“The tunnel shafts were located in civilian areas, many of which were near or inside civilian buildings and structures, such as schools, kindergartens, mosques and playgrounds,” announced Israeli military officials. “IDF soldiers located large quantities of weapons inside some of the shafts. These findings are further proof of how Hamas deliberately uses the civilian population and infrastructure as a cover for its terrorist activity inside Gaza.”

And as the battle between IDF and Hamas forces reached a new level of ferocity, with house-to-house fighting across Gaza, a tiny and dwindling community of Christian Palestinians in the north has mostly sheltered in Catholic and Greek Orthodox parish compounds, while an increasing number have moved forward with plans to emigrate.

“Our staff report to us that they feel helpless,” Nadine Bahbah, a spokeswoman for Caritas Jerusalem, told the Register. “They are waiting to receive warnings any moment from the Israeli army to evacuate. There is no place left for them to go.”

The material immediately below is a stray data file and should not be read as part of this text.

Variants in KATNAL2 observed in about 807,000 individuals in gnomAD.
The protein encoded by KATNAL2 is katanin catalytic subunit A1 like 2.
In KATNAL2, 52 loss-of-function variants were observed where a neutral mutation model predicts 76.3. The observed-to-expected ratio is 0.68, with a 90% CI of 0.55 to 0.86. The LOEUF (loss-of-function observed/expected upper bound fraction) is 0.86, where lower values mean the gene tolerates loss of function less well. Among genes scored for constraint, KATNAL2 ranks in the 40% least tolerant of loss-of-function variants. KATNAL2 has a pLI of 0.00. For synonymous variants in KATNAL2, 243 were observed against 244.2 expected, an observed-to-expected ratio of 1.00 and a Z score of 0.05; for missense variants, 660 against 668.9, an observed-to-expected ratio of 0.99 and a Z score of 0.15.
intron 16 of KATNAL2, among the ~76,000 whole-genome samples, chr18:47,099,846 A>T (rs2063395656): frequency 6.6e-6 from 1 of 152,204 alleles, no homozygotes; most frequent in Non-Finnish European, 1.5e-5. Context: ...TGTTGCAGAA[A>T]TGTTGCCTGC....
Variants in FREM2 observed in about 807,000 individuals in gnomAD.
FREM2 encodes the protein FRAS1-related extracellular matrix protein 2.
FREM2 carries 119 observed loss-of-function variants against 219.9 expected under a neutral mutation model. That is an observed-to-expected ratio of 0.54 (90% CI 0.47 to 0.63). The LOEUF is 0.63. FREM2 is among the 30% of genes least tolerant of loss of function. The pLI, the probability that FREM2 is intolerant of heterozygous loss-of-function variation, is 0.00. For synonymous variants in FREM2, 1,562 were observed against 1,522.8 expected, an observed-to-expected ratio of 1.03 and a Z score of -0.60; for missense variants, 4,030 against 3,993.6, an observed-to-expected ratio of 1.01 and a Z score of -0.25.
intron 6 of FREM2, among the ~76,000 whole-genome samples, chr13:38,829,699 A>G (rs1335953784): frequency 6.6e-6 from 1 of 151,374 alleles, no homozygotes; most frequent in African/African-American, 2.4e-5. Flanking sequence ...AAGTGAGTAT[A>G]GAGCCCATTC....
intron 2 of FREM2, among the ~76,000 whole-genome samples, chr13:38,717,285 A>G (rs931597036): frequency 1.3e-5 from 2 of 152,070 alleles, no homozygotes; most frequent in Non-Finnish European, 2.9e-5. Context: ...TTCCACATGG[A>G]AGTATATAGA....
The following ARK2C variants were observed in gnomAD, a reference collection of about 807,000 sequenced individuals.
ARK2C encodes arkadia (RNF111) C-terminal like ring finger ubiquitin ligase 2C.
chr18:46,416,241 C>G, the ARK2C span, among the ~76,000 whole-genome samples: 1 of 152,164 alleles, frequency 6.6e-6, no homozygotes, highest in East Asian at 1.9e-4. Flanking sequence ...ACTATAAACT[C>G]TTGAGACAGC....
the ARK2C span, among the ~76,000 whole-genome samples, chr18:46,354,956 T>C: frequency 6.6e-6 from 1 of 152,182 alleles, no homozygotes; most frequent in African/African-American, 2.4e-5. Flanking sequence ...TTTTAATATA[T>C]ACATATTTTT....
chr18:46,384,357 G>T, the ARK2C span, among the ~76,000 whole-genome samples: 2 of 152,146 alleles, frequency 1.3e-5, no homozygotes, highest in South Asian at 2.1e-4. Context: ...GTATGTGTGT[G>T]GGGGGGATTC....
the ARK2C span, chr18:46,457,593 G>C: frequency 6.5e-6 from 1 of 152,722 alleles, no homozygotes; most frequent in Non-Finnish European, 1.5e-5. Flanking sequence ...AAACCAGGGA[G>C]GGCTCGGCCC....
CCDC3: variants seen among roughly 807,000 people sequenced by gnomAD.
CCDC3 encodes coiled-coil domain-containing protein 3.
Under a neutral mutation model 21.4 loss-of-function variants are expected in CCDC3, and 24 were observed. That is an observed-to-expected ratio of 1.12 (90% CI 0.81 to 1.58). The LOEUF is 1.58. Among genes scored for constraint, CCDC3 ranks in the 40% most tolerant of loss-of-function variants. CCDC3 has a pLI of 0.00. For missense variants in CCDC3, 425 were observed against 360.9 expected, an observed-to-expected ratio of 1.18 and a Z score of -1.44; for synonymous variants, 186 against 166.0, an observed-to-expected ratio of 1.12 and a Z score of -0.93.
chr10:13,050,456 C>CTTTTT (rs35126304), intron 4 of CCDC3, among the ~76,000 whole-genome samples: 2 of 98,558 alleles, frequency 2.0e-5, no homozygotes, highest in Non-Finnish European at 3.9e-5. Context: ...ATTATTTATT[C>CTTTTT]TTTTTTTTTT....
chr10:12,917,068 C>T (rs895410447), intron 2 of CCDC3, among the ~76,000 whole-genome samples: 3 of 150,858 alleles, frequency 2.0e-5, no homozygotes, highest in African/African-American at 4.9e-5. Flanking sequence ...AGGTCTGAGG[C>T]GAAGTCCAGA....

O’Keefe told the Register that CRS provided support to Christians and others who have taken shelter in the two church compounds, while prioritizing the broader distribution of mattresses, hygiene kits and other provisions for Gazans who have been reduced to living on the streets.


Looking to Washington

But while the collapse of the cease-fire and the stalled hostage-prisoner exchange continue to impede the flow of aid, there are hopes that Washington will use its leverage as Israel’s most powerful ally and military donor to push Tel Aviv to allow more convoys to enter Gaza and pressure the IDF to be more active in protecting civilians. 

On Dec. 1, according to media reports, U.S. Secretary of State Antony Blinken called Israeli Minister of Strategic Affairs Ron Dermer to emphasize the vital importance of maintaining the flow of aid into Gaza. 

Shortly after the call, Israel allowed for the aid convoys to continue, though it is unclear whether the supplies will reach the level permitted during the cease-fire. At the same time, some Democrat legislators have pushed back against what they see as a “blank-check relationship” between Washington and Israel.